I started at WTF while I was at Williams during my sophomore year in 1969. To give you an idea of how small WTF was then, it was the Williamstown Summer Theatre, and not a festival. During my first season I wrote press releases and sold tickets at the same time. Now when you look at huge staff, back then, there were about 20 of us doing everything.
Early on Nikos took a shine to me and gave me opportunities. I was his assistant for one season which is the theatrical equivalent of trench warfare. He was a very exacting personality. If he trusted you he was hard on you because he always thought you could do better. If he thought you were untalented, and had no future at WTF, he ignored you because you would not be back. But I kept coming back.
This past summer I directed the joint WFF/ WTF screenplay reading which we do every summer. 2010 was my 39th season. It’s given me so many opportunities for interesting work during the summer. Like adapting a novel for the Free Theatre, directing a project, or performing in the Cabaret.
It’s also led to work in the outside world. For example, I met Bruce Paltrow through his wife Blythe Danner, and Bruce invited me to write for his TV series St. Elsewhere. It was a very successful medical series. Denzel Washington started on the show. We had to write him out of the last episodes of the final season because he had to go off to the film Glory which shot him to stardom.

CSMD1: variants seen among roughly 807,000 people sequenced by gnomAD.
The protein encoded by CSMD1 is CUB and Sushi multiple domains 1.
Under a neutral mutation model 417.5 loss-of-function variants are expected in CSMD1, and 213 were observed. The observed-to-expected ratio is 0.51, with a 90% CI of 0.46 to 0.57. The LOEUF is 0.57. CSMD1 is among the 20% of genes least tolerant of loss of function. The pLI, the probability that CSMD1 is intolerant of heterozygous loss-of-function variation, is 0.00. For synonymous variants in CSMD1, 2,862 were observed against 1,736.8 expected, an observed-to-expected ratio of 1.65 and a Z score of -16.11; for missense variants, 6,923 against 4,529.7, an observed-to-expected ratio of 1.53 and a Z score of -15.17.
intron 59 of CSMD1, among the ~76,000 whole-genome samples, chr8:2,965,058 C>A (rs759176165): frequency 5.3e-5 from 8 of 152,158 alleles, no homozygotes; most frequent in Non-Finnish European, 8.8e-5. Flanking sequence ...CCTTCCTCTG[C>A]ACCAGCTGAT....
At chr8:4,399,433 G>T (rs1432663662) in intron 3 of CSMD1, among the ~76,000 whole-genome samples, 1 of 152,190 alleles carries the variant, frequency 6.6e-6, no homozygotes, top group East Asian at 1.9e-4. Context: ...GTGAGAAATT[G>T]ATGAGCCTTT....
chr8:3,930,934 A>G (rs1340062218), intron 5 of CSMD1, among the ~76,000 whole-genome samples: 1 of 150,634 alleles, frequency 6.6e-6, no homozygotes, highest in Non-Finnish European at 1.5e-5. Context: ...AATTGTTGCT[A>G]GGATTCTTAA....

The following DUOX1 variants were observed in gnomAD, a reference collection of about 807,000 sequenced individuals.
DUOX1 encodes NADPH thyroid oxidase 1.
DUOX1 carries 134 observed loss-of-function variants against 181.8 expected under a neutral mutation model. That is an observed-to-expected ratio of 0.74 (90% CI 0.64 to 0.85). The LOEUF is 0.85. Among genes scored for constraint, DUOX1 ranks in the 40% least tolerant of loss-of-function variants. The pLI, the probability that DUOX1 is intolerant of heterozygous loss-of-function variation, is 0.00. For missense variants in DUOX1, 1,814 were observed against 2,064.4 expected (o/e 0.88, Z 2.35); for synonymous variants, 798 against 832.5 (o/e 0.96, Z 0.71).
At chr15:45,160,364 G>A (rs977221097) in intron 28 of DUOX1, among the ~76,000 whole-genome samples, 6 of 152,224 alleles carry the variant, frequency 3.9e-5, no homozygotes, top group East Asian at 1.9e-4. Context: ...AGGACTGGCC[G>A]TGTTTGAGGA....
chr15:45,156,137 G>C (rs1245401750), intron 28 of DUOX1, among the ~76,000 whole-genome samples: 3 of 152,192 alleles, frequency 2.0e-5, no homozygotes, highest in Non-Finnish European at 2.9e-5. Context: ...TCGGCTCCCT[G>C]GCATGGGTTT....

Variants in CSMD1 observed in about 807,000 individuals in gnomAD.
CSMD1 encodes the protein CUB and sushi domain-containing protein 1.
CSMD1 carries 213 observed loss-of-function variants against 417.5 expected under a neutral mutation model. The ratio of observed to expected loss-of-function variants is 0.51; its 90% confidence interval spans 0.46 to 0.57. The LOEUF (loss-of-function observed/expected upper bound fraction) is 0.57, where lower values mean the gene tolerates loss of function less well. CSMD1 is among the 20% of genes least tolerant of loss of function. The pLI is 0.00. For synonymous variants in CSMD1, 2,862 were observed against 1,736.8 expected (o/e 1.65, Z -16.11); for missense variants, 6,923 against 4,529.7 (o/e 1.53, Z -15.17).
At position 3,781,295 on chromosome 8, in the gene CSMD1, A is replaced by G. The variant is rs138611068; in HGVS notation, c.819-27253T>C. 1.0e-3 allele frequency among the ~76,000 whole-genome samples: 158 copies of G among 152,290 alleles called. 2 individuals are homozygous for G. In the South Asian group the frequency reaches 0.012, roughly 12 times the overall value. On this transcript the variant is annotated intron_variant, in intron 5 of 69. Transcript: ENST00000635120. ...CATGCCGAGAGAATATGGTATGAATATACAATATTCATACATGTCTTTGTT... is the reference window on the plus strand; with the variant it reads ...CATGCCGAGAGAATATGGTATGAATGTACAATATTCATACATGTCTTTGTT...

I met Joanne Woodward at WTF when she acted in Glass Menagerie. She asked me to write the TV tribute to The Group Theatre of the 1930s. In another project with Joanne she chaired an event at City Center that led to launch of the Encores series of musicals on the cheap. There were no sets and the actors performed from scripts in front of an orchestra.
CG You talked about Nikos as challenging to work for. It seems that to succeed in a life in the theatre you have to be tough on the outside and soft and sensitive on the inside. Like the Sabras in Israel.
SL The best directors in theatre have to be tyrants. Art is not a democracy. That’s true. There is a feeling in America stemming from the pioneer days that anyone can do anything. If that were true we would all be Leonard Bernsteins or Stephen Sondheims. Art means that you do something better or do something that nobody else can do at all. It’s why people support the arts. It’s because they want an experience that someone else can give them because of their unique talent.